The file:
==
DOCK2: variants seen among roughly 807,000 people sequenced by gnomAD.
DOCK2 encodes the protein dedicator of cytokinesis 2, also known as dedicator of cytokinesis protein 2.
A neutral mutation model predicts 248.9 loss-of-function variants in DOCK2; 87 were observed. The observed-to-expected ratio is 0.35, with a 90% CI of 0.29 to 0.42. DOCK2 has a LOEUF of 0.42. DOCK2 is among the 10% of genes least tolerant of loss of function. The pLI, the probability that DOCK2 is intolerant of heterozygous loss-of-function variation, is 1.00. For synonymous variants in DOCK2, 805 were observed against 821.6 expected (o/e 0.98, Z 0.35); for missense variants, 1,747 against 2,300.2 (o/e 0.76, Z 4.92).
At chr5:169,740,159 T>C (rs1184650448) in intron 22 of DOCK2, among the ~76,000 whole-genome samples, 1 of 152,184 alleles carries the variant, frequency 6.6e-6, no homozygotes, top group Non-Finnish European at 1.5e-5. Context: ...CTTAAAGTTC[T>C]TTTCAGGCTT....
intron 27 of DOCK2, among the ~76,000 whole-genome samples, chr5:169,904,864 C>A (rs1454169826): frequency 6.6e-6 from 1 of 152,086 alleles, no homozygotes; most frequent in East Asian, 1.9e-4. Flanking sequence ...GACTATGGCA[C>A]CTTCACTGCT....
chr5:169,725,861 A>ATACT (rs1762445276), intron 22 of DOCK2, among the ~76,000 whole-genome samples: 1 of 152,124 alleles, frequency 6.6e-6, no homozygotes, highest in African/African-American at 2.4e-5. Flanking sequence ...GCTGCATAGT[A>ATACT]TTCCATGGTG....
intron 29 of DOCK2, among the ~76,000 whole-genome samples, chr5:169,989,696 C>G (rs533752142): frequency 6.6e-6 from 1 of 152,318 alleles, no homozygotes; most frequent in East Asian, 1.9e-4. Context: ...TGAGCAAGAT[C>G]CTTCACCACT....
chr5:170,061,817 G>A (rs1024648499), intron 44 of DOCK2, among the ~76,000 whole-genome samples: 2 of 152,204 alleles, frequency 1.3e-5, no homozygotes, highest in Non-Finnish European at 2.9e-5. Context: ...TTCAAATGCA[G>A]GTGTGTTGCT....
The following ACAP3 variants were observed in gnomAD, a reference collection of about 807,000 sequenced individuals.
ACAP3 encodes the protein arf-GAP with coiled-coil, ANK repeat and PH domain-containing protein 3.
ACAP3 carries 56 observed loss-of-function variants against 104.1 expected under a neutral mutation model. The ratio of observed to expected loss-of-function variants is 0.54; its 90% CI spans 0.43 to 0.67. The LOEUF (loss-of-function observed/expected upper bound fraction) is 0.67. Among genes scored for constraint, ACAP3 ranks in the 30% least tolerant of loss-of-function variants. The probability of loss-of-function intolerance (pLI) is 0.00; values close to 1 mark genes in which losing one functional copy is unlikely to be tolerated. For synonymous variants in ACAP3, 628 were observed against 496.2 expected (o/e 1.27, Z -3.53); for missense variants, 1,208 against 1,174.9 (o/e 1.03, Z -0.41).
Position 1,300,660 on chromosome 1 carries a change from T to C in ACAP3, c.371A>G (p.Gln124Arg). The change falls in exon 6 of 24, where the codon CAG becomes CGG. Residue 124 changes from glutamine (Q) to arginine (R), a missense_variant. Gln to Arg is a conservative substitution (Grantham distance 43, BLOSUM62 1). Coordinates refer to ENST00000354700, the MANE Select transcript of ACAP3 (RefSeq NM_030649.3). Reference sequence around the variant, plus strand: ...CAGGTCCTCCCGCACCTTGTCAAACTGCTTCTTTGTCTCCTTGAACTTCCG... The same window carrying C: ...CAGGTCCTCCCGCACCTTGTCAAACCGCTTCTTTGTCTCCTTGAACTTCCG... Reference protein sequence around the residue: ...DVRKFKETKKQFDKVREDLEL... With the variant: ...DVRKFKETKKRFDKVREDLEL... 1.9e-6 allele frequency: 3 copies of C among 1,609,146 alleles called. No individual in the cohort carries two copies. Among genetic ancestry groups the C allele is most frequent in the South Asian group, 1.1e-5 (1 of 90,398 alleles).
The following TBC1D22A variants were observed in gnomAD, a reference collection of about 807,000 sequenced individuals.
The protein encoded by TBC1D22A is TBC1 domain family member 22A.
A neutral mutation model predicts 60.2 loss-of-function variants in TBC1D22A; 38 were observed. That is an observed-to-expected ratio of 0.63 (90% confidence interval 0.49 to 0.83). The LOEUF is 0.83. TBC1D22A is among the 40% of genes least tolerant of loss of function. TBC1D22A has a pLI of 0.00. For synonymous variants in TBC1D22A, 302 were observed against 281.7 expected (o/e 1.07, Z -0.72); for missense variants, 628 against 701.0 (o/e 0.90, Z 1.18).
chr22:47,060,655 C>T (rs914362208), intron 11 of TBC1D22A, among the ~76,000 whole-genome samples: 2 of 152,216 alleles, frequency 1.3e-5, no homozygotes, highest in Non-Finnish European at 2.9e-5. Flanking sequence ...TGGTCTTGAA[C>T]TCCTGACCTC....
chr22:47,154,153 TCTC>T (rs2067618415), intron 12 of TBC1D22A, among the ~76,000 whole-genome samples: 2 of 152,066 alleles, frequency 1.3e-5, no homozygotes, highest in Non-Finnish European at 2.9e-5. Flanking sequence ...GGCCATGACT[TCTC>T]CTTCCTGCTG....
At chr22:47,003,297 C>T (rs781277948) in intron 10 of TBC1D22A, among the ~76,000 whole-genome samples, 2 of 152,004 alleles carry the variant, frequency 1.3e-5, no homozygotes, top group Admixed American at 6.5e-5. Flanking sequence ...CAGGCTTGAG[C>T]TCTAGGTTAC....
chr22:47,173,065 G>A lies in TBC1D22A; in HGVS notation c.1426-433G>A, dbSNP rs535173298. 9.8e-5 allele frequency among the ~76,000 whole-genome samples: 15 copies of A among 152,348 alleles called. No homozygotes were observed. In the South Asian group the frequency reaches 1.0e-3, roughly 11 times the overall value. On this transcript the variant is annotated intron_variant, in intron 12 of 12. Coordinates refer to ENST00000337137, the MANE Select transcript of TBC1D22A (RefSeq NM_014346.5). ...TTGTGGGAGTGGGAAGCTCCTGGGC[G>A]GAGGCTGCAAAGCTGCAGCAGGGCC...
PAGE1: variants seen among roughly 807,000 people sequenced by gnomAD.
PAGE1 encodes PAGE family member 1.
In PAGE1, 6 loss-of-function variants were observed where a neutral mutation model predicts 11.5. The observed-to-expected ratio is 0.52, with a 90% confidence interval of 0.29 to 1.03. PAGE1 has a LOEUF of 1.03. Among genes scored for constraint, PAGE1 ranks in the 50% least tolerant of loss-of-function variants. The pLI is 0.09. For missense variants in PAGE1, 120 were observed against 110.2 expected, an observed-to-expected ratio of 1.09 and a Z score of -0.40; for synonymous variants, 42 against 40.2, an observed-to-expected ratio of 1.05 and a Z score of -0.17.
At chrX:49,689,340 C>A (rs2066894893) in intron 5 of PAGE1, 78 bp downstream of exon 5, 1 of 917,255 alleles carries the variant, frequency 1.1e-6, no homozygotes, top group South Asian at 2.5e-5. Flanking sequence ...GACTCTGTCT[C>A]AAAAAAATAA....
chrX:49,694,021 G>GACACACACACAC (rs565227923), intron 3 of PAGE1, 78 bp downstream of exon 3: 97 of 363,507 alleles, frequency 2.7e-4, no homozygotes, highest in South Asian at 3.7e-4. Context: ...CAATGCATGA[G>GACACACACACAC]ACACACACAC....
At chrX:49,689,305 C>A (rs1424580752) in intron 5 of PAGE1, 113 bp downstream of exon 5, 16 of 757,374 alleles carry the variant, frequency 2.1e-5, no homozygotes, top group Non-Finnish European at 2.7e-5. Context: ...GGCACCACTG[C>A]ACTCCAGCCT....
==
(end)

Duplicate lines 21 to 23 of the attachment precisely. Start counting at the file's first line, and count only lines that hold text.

PAGE1 encodes PAGE family member 1.
In PAGE1, 6 loss-of-function variants were observed where a neutral mutation model predicts 11.5. The observed-to-expected ratio is 0.52, with a 90% confidence interval of 0.29 to 1.03. PAGE1 has a LOEUF of 1.03. Among genes scored for constraint, PAGE1 ranks in the 50% least tolerant of loss-of-function variants. The pLI is 0.09. For missense variants in PAGE1, 120 were observed against 110.2 expected, an observed-to-expected ratio of 1.09 and a Z score of -0.40; for synonymous variants, 42 against 40.2, an observed-to-expected ratio of 1.05 and a Z score of -0.17.
At chrX:49,689,340 C>A (rs2066894893) in intron 5 of PAGE1, 78 bp downstream of exon 5, 1 of 917,255 alleles carries the variant, frequency 1.1e-6, no homozygotes, top group South Asian at 2.5e-5. Flanking sequence ...GACTCTGTCT[C>A]AAAAAAATAA....